The great divides between countries
Human development has been spurred by changes in technology. But so has inequality. Today’s staggering inequalities began to appear with the industrial revolution. The pace of technological change is accelerating due to digitalization and frontier technologies. New technologies can have severe downsides if they outpace a society’s ability to adapt.
Every spurt of progress has been associated with sharper inequality between countries.
Between 1820 and 2002, the contribution of between-country inequality to global inequality rose from 28% to 85%. The outcomes for one generation have affected the opportunities for the next – resulting in intergenerational transmission of inequalities.
Inequality between countries
Inequality within countries
The Technology and Innovation Report 2021 critically examines the possibility of frontier technologies such as AI, robotics and gene-editing widening existing inequalities and creating new ones. Frontier technologies are essential for sustainable development, but they also could accentuate initial inequalities. It is up to policymakers to reduce this risk and make frontier technologies contribute to increasing equality. Low-and middle-income developing countries and the least developing countries cannot afford to miss the new wave of rapid technological change.
$350-billion market, which by 2025 could grow to over $3.2 trillion
Only a few countries currently create frontier technologies, but all countries need to prepare for them. To assess national capabilities to equitably use, adopt and adapt these technologies the Technology and Innovation report 2021 has developed a ‘readiness index.’ The index comprises five building blocks: ICT deployment, skills, R&D activity, industry activity and access to finance.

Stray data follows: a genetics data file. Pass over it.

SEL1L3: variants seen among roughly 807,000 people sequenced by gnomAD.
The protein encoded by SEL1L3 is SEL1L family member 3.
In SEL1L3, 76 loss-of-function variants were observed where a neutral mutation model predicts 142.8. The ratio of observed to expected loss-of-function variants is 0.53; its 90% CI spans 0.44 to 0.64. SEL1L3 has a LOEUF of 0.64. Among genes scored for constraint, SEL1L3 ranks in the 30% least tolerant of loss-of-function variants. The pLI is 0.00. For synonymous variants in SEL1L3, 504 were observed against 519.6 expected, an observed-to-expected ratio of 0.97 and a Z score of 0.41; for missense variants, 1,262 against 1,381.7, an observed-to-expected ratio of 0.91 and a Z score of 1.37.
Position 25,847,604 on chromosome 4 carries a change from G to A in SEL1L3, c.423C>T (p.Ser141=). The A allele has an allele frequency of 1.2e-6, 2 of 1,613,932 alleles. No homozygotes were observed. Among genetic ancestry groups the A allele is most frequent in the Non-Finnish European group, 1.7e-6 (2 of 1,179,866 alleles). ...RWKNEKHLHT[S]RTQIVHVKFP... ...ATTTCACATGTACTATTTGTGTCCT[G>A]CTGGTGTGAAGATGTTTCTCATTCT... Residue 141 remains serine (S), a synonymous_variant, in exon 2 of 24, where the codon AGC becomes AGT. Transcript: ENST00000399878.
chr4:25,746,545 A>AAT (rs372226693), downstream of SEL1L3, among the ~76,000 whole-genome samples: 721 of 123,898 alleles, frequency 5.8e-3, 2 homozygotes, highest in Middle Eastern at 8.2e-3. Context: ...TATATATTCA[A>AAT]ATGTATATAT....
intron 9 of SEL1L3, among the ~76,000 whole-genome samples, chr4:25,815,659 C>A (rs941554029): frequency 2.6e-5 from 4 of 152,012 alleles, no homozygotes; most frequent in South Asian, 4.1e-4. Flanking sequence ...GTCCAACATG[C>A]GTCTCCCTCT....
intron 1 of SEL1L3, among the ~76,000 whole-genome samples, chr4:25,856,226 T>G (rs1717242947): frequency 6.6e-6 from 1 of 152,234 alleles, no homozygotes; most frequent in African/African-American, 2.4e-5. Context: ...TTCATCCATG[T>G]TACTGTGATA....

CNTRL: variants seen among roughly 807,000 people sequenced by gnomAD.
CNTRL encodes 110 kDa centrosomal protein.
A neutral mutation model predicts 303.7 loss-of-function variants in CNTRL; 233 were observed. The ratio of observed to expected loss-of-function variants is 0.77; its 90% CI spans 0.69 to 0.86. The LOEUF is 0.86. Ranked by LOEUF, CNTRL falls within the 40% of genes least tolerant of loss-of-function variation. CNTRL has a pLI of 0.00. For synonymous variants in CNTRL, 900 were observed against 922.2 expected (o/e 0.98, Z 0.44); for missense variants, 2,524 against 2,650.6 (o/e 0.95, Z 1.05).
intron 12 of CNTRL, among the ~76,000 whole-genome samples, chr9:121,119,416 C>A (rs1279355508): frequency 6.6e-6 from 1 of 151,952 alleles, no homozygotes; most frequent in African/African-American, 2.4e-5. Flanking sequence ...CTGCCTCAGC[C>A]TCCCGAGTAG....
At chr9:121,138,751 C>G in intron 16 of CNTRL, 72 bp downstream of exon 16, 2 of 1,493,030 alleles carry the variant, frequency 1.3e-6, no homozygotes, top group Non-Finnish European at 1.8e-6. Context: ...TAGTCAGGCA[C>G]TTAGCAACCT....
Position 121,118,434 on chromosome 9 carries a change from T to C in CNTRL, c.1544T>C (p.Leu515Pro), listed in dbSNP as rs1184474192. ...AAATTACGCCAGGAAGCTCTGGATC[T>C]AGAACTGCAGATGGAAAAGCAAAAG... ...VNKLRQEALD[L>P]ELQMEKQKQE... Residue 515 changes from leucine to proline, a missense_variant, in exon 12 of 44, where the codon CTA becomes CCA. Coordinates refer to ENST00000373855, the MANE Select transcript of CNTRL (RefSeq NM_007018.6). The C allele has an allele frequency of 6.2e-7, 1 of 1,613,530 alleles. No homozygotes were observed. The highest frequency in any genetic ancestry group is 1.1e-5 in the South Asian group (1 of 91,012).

In general, the economies most ready are in Northern America and Europe while those least ready are in sub-Saharan Africa.
A country readiness index
Technology and Innovation Report 2021
The five “As” of technology access
Challenges faced by developing countries with frontier technologies
Humans and machines at work
Technological change impacts inequalities through its effect on jobs, wages and profits.
To benefit from frontier technologies, countries need to promote their use, adoption and adaptation, while addressing their potential adverse effects.
Developing countries face particular challenges:
Existing technological gaps
|Low economic diversification|
|Weak financing mechanism|
|Stringent intellectual property rights|
Today, major concerns are related to risks of:
Technological progress is essential for sustainable development but can also perpetuate inequalities or create new ones.
The basic requirements are effective national governance to guide technological change, international cooperation for strengthening a global framework for STI for development, and vigorous citizen activism to keep the SDGs as central guiding principles.
Key policy areas need special attention:
- Policymakers should direct technological change towards meeting societal needs and reducing inequalities.
- Developing countries should adopt frontier technologies while continuing to diversify their production bases by mastering existing technologies.
- Strengthening social protection systems to provide safety nets to workers who may lose their livelihoods.
International cooperation should:
- Build stronger national capacities in STI
- Smooth technology transfer
- Increase women’s participation
- Improve foresight and technological assessment
- Promote inclusive